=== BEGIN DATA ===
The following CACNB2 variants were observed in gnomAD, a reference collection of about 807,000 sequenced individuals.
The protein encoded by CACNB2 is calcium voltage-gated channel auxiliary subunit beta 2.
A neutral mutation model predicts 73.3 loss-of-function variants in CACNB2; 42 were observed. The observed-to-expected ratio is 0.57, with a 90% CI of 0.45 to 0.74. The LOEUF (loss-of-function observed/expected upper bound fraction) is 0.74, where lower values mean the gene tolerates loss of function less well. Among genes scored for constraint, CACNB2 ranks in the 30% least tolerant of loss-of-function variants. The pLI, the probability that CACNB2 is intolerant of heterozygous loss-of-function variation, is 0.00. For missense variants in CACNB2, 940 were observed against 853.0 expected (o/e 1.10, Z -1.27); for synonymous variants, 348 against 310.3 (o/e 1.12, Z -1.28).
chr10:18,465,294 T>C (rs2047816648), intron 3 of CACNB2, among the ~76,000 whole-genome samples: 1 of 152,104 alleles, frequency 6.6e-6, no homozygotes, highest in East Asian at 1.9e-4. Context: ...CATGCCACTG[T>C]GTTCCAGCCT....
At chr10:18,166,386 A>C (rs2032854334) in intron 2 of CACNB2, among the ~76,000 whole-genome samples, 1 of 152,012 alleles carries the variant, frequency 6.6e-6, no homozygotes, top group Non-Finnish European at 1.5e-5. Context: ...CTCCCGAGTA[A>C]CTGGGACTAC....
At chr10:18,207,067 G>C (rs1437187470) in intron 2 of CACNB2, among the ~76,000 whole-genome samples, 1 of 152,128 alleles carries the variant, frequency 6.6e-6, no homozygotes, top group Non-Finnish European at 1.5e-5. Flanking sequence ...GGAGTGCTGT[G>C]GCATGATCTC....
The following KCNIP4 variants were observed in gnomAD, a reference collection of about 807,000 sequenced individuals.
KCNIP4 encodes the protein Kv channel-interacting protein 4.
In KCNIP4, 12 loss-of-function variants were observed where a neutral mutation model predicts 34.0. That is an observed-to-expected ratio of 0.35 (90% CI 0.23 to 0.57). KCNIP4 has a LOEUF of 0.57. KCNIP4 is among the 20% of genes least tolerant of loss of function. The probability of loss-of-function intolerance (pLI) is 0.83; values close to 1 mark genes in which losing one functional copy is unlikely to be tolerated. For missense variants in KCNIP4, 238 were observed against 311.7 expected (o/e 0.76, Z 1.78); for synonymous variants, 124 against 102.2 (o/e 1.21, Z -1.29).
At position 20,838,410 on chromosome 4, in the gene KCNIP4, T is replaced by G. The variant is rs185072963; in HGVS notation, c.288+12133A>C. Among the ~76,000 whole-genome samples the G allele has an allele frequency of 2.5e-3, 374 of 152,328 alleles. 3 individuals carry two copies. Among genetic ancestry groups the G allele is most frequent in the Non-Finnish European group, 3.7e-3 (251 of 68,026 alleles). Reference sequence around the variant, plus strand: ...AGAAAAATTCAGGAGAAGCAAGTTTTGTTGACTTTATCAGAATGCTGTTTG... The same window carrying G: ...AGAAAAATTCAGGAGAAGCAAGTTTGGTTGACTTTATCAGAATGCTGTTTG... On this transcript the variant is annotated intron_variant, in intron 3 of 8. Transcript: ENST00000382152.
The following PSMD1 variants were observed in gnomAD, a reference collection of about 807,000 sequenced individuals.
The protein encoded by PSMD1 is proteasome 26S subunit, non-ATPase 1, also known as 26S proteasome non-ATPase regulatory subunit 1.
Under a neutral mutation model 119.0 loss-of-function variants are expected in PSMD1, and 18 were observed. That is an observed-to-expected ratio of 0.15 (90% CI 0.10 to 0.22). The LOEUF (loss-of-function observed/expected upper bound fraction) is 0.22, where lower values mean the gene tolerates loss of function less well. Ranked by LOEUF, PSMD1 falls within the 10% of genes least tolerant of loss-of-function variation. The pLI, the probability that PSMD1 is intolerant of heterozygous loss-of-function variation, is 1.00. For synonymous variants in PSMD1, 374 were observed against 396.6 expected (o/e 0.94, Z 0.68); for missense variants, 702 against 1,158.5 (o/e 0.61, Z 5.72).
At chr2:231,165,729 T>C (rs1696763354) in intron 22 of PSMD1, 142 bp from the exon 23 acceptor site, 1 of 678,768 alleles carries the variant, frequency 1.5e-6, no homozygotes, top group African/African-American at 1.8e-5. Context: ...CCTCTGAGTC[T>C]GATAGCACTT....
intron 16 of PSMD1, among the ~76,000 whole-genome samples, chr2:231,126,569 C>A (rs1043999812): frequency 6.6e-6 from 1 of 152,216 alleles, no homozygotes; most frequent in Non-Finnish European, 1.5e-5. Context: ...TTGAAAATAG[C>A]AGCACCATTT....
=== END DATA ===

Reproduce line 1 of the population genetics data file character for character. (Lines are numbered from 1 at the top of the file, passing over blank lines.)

The following CACNB2 variants were observed in gnomAD, a reference collection of about 807,000 sequenced individuals.